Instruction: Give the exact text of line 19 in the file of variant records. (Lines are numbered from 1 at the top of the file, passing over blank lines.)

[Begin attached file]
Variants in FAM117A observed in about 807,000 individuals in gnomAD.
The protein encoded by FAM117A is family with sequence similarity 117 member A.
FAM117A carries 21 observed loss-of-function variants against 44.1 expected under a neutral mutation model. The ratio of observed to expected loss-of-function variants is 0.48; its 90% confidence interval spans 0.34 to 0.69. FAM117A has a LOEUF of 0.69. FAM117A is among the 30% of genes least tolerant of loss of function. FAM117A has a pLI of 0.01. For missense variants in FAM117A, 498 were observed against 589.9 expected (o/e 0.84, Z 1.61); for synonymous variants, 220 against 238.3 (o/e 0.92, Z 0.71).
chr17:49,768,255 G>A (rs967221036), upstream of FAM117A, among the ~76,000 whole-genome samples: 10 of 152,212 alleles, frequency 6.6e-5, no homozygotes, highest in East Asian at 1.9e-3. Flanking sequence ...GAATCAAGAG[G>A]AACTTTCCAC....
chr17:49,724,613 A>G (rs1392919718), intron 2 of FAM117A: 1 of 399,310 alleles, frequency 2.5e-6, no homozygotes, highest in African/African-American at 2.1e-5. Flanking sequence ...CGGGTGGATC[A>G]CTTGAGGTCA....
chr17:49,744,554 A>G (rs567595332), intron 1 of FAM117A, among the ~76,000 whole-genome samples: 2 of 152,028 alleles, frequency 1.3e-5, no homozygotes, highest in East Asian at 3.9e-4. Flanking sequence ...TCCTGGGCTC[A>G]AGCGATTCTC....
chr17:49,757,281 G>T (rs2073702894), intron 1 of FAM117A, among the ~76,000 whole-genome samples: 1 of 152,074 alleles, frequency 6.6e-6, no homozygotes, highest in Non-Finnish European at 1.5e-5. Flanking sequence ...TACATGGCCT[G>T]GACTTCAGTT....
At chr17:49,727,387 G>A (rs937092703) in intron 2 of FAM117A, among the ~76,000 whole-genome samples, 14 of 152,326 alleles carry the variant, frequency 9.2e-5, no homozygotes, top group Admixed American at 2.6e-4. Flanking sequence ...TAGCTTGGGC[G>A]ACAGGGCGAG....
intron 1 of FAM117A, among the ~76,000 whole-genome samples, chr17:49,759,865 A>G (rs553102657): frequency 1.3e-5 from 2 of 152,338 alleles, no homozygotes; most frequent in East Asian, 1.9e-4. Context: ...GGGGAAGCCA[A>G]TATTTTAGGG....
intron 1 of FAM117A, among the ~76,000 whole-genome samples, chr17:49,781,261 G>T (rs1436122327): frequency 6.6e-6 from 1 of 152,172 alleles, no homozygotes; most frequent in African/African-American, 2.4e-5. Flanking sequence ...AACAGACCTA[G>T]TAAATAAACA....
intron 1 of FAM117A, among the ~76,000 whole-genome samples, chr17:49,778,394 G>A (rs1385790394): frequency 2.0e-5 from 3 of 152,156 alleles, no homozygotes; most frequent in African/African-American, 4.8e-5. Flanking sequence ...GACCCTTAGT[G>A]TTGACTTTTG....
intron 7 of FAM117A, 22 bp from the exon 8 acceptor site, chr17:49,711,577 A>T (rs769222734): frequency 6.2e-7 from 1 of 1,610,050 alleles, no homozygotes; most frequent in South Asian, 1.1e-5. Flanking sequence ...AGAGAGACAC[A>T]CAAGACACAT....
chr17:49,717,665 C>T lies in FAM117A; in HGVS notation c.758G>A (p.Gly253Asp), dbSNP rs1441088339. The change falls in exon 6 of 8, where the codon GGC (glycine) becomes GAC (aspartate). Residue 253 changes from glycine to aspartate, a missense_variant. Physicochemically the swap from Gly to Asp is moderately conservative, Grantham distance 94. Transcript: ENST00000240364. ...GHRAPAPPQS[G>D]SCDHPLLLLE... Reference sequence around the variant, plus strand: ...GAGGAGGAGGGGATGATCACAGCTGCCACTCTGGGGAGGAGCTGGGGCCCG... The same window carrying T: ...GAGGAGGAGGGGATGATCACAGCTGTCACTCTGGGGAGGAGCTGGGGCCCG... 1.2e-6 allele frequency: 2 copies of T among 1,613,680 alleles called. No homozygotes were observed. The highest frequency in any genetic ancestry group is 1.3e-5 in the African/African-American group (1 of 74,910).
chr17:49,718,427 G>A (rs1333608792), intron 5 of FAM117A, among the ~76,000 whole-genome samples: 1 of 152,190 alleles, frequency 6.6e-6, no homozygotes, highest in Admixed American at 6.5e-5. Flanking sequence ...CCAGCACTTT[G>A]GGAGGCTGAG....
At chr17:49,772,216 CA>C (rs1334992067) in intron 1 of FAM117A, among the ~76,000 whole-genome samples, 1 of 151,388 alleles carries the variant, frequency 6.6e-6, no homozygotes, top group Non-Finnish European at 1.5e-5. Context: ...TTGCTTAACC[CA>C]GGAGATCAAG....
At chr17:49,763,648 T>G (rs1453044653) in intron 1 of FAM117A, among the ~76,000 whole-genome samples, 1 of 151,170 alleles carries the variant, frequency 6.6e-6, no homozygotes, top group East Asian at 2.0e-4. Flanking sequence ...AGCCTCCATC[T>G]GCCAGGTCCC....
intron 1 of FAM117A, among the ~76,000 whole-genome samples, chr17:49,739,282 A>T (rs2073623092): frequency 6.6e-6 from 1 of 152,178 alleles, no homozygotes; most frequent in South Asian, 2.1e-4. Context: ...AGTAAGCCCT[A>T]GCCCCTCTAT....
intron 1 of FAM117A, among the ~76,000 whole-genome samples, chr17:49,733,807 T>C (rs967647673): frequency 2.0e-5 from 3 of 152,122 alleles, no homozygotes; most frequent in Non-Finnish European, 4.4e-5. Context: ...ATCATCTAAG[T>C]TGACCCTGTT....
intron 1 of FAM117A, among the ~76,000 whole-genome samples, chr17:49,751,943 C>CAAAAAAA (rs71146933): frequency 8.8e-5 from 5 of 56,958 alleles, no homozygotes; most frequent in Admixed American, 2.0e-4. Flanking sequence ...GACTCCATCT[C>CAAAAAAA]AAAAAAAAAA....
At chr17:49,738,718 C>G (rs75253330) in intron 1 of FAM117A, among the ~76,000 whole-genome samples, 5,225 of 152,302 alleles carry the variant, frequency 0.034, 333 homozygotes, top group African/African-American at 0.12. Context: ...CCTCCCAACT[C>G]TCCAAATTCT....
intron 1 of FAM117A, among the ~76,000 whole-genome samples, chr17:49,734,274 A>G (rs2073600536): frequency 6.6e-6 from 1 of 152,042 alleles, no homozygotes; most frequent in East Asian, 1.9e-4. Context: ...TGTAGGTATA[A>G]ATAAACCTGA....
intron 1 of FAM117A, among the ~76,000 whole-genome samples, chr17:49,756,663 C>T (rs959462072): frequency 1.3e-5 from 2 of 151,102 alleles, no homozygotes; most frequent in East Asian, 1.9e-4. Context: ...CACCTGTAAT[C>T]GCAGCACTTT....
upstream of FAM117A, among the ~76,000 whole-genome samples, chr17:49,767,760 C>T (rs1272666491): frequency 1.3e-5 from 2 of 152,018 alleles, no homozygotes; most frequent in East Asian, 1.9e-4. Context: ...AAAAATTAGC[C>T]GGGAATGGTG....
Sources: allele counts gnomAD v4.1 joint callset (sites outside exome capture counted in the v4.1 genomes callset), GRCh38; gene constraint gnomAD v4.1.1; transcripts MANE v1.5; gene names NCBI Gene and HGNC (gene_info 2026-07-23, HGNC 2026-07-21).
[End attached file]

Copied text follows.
intron 1 of FAM117A, among the ~76,000 whole-genome samples, chr17:49,751,943 C>CAAAAAAA (rs71146933): frequency 8.8e-5 from 5 of 56,958 alleles, no homozygotes; most frequent in Admixed American, 2.0e-4. Flanking sequence ...GACTCCATCT[C>CAAAAAAA]AAAAAAAAAA....